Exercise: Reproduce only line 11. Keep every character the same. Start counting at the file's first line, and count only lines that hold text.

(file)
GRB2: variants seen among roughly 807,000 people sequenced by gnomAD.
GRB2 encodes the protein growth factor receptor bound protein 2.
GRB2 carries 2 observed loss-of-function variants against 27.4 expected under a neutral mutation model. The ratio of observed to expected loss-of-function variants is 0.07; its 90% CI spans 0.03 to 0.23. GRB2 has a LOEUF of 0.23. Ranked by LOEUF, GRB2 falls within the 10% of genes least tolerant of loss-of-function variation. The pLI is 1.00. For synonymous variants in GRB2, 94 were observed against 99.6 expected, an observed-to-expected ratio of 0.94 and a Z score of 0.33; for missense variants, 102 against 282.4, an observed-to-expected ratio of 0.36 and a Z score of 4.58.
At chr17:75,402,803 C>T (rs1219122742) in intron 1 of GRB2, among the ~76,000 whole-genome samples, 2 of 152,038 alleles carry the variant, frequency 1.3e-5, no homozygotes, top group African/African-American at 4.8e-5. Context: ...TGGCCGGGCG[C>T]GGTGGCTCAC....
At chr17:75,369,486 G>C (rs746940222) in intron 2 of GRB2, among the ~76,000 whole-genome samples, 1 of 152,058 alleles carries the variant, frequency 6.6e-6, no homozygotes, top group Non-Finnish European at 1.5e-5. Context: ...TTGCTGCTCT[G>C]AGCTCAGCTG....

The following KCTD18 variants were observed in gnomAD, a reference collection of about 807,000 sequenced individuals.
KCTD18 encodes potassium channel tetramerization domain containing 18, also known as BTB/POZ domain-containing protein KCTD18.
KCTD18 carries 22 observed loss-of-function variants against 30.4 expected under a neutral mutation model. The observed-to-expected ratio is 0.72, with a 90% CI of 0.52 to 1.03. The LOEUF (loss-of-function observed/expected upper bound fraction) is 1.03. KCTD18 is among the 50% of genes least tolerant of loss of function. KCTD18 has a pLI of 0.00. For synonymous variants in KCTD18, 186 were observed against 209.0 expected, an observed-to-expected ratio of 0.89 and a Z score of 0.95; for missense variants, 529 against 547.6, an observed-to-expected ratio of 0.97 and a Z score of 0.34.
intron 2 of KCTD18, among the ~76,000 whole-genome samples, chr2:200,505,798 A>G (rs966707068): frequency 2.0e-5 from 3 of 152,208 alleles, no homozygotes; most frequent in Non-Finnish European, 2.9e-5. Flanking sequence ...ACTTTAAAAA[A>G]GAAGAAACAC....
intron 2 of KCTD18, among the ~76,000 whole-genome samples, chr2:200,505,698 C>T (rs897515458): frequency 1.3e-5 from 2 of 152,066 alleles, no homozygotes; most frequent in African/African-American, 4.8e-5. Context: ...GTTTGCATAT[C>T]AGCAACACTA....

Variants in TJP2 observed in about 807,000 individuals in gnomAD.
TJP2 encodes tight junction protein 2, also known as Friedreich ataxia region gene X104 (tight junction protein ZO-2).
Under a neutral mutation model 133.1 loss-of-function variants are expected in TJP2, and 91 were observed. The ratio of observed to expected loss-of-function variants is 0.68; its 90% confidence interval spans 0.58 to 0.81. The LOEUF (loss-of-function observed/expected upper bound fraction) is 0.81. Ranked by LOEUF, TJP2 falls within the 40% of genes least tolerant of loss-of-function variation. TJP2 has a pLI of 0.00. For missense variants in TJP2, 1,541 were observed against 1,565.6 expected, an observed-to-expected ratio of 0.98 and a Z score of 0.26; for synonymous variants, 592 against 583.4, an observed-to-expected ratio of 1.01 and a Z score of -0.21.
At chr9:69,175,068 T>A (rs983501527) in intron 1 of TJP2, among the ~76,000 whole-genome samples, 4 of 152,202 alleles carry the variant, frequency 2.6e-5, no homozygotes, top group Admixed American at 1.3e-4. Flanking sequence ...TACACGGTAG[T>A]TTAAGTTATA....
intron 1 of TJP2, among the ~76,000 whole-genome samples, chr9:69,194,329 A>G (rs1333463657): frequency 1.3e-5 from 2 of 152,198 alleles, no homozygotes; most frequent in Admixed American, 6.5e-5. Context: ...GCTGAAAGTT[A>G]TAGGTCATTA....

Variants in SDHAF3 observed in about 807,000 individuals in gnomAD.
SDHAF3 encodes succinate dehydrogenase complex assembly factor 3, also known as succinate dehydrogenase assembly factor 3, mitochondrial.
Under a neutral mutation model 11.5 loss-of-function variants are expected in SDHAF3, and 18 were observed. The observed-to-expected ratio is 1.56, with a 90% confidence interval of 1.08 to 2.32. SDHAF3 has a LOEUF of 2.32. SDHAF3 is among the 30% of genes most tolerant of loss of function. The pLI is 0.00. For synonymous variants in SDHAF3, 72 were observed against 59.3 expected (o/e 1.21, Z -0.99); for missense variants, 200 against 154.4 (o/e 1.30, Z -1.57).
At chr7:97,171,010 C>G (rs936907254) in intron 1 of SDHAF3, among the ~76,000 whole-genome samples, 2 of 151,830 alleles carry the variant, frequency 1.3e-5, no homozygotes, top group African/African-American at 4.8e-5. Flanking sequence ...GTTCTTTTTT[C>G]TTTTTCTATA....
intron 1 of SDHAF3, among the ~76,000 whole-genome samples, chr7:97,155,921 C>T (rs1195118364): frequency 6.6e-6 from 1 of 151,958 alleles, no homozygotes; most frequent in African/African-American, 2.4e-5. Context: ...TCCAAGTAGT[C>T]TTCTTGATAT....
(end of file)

Variants in TJP2 observed in about 807,000 individuals in gnomAD.